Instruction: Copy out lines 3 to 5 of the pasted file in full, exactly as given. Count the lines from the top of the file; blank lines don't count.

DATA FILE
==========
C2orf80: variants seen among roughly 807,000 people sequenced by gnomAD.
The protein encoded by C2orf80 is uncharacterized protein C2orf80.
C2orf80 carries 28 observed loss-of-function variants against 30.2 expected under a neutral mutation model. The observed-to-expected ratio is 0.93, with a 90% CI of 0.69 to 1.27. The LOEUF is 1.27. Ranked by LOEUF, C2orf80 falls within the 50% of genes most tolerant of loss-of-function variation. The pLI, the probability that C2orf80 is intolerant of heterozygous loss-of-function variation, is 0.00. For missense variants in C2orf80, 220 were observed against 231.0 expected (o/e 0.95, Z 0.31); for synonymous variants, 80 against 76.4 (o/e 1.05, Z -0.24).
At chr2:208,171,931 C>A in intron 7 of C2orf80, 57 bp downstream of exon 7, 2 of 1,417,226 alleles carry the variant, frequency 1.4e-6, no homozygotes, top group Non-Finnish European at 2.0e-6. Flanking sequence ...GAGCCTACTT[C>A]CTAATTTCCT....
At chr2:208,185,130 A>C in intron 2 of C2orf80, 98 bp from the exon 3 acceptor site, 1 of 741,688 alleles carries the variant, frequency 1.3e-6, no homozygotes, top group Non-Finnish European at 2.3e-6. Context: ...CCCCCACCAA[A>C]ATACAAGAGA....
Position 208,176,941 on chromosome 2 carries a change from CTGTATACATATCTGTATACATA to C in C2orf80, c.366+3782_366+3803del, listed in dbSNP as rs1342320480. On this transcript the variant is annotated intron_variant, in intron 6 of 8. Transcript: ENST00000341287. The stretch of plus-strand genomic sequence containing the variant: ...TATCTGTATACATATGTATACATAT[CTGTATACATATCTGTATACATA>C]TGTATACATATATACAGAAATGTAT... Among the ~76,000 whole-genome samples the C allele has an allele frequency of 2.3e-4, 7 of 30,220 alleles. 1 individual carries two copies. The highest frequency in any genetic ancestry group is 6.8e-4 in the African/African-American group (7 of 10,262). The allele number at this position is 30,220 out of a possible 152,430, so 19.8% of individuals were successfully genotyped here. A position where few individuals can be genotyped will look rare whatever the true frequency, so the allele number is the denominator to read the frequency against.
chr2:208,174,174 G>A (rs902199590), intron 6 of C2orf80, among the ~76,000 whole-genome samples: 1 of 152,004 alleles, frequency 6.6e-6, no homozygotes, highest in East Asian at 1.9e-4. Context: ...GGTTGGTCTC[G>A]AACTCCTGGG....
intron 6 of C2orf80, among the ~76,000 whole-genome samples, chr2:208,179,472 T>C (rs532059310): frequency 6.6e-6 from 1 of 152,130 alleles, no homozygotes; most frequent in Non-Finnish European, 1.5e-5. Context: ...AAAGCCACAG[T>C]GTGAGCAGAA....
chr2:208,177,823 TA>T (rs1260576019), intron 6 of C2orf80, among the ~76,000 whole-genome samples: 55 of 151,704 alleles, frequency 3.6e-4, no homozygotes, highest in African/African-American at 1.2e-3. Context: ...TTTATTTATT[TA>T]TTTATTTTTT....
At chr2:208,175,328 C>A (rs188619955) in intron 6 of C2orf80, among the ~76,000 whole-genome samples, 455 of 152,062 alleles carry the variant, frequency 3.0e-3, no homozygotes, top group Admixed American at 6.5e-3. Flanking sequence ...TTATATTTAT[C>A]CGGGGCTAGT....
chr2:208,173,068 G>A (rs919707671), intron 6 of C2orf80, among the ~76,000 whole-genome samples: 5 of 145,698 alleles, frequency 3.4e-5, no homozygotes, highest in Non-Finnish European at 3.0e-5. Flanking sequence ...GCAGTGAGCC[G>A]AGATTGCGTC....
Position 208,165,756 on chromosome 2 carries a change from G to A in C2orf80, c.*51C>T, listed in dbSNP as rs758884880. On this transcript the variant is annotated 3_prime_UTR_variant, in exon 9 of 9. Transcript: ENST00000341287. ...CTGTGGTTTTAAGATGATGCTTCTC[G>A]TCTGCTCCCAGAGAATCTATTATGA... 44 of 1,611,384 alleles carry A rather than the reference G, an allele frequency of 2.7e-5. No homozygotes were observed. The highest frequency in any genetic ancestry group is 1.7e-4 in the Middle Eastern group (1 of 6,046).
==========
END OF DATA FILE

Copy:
C2orf80 carries 28 observed loss-of-function variants against 30.2 expected under a neutral mutation model. The observed-to-expected ratio is 0.93, with a 90% CI of 0.69 to 1.27. The LOEUF is 1.27. Ranked by LOEUF, C2orf80 falls within the 50% of genes most tolerant of loss-of-function variation. The pLI, the probability that C2orf80 is intolerant of heterozygous loss-of-function variation, is 0.00. For missense variants in C2orf80, 220 were observed against 231.0 expected (o/e 0.95, Z 0.31); for synonymous variants, 80 against 76.4 (o/e 1.05, Z -0.24).
At chr2:208,171,931 C>A in intron 7 of C2orf80, 57 bp downstream of exon 7, 2 of 1,417,226 alleles carry the variant, frequency 1.4e-6, no homozygotes, top group Non-Finnish European at 2.0e-6. Flanking sequence ...GAGCCTACTT[C>A]CTAATTTCCT....
At chr2:208,185,130 A>C in intron 2 of C2orf80, 98 bp from the exon 3 acceptor site, 1 of 741,688 alleles carries the variant, frequency 1.3e-6, no homozygotes, top group Non-Finnish European at 2.3e-6. Context: ...CCCCCACCAA[A>C]ATACAAGAGA....